Framework was launched last year with the promise of building laptops that you can upgrade yourself with a little more than a screwdriver and a little patience. Now, 12 months after its debut, the company is releasing its first round of upgrade kits to keep these machines up to date. This is a good start, as the outfit fulfills its promise to create a modular, repairable machine and to bring existing users together with any future adaptations to the system. After almost airily replacing a first-generation motherboard to replace it, I can say that we are approaching a whole new era of computing.
To show how easy it is to upgrade, Framework released its 2021-era model, powered by an 11th-generation Intel Core chip. In the package, but in a separate box, was a brand new 12th generation (Alder Lake) Intel Core chip attached to a motherboard. The idea, simply put, is that you can pull out the motherboard that holds the CPU and I / O, while preserving pretty much everything else. Existing RAM, SSD, WiFi card, battery, audio equipment, monitor and so on, can all be reused until they break or otherwise need upgrading as well.
Upgrading or replacing a component inside the Frameworks chassis requires the use of a Torx T5 screwdriver (included in the box). Of course, replacing the motherboard is the most involved upgrade you can do since it requires you to separate everything else to access it. Fortunately, Framework produces iFixit-style guides that you can follow, and each component is either color-coded or labeled. And there are QR codes on each device that link to tutorial videos and support pages to help you get where you are going.
The company announced earlier this year that it would offer a trio of new motherboard options for different budgets. $ 499 gives you a 12th generation i5-1240P, while $ 699 gives you an i7-1260P. If you are eager to live ahead of time and have money left over, you can choose the Core i7-1280P for $ 1049. It’s steep, but the argument goes that buying a brand new laptop will cost you more. That said, I do not expect users to go crazy for these annual upgrades, but more likely I look for a new motherboard every two or three years to stay up to date.
As for the upgrade process, I do not necessarily have a grip, but a few things worth flagging. If you come to this as a beginner, you will take much longer than the 15 minutes promised in the guide. With training you get faster, but I think these guides need to be a little more friendly for the uninformed amateur. Similarly, I’m not a big fan of ZIF connectors, which require you to gently push in a ribbon cable that is no larger than your nail for the required fastening. Especially since they are small and I would be worried that a sneeze with the wrong time would end up costing you $ 699 of your own money.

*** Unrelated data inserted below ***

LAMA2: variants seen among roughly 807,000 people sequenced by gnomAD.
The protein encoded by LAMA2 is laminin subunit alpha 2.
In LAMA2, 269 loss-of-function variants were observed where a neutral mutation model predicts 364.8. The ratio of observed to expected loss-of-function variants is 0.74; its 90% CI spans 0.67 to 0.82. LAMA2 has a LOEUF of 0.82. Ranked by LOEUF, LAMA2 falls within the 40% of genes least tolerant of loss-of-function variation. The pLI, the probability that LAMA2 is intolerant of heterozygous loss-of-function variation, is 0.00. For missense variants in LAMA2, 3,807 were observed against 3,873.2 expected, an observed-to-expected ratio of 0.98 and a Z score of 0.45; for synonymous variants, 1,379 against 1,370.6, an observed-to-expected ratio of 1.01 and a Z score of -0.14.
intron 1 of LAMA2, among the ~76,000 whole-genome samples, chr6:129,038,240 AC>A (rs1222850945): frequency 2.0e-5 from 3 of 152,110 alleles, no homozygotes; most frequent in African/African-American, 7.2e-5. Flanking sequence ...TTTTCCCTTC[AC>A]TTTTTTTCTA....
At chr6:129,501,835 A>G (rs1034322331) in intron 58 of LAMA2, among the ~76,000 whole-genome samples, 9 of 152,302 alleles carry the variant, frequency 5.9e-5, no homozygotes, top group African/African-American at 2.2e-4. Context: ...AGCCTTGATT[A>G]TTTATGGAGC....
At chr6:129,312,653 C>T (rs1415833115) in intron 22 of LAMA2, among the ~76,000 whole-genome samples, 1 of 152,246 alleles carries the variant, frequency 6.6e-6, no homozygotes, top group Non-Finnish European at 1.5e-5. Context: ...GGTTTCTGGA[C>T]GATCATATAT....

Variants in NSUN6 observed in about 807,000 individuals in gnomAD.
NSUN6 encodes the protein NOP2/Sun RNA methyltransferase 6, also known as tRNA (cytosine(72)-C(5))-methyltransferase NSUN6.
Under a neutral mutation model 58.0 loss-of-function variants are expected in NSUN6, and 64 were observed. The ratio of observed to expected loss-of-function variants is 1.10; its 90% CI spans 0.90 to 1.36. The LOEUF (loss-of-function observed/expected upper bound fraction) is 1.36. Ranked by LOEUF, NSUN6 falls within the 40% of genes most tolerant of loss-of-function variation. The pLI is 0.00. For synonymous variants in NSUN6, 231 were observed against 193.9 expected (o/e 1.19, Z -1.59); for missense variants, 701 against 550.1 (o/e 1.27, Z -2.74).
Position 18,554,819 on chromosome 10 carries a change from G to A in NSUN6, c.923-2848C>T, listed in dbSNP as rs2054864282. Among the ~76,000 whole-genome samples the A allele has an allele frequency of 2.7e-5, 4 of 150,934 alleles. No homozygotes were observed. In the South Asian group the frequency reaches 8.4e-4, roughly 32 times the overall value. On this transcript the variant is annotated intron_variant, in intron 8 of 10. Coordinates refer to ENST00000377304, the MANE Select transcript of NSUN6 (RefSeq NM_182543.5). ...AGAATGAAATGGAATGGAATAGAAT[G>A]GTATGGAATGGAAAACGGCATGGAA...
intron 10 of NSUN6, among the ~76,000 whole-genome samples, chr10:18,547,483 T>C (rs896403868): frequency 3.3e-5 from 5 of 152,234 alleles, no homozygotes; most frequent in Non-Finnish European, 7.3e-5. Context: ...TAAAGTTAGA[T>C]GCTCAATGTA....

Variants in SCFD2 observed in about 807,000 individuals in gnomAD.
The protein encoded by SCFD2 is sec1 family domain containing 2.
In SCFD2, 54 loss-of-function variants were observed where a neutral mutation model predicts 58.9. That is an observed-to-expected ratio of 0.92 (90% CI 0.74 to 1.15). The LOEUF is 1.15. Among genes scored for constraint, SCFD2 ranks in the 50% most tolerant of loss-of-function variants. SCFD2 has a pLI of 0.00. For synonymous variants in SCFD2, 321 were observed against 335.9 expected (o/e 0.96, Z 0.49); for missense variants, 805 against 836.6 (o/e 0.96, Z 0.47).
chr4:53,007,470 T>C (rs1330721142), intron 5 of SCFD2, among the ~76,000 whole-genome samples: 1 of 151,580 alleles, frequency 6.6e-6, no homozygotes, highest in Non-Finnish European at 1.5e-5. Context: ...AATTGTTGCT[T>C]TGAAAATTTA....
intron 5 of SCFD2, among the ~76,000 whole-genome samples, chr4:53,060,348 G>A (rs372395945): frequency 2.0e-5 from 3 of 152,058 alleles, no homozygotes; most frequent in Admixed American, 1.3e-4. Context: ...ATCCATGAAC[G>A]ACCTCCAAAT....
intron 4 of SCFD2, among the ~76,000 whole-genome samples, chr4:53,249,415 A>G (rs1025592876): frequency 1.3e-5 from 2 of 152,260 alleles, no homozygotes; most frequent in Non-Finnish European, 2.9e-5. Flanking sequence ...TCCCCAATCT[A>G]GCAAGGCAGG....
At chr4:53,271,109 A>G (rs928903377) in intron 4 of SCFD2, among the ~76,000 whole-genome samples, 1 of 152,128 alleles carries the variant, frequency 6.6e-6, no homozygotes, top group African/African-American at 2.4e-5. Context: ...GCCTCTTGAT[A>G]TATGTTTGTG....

At the same time, Framework is launching two other products that show their commitment to listening to users and ensuring that OG buyers are not left behind. The first is that the company is releasing its first new expansion card, which is a 2.5-gigabit Ethernet adapter. This is, in a word, very cool, and removes the standard body in metal for a transparent plastic shell that makes it look like one of these special editions Game Boys from the 90s. The cyberpunk aesthetic also helps to cover the fact that, in order to accommodate the Ethernet port itself, it is significantly larger than the rest of the expansion cards – it protrudes on the side of the laptop, but in a cool way.
It was quite useful during my installation, since a missing WiFi driver (thanks, Microsoft) meant I could not connect to the internet after my first upgrade. (This has since been resolved, but one of the pitfalls of testing hardware long before it reaches the public). Being able to plug in an Ethernet port and connect it to my network to solve the problem was a gift. Not to mention that, like all the extra expansion cards the company offers, it’s another step towards making your laptop something more like a Swiss Army knife.
And then there’s the top cover. Now I did not have many complaints about the amount of flex in the machine when it was launched last year. But Framework’s engineers were not happy, and redesigned the display case to be CNC milled from a solid aluminum block. It adds a little extra rigidity to the frame, and is available as standard on all new Framework laptops sold in the future, as well as being bundled with motherboard replacement kits. But again, instead of letting existing customers who do not want a new CPU on the fence, you can also buy a free-standing top cover for $ 89, and if the company can keep this commitment to always include existing buyers, then it’s going to to serve a devoted and loving fanbase.
Finally, with the upgrade complete, it’s the small matter of what users will do with the now discarded motherboard. Framework offers users open source plans to build desktop-style cabinets for the boards to encourage reuse, and hobbyists are already using them as the basis for their own super-cool modding projects. GitHub user Penk, for example, has built this retro motherboard terminal that looks like it’s dropped on the back of a copy of Fall out. If I did not have to send all this back, and I had some kind of skill to build things, I’m pretty sure I would have tried to build something super cool myself.
And perhaps this is the second gift that Framework can continue to give – the notion that users should feel empowered to get their hands dirty after being told that their machines have been banned for so long.
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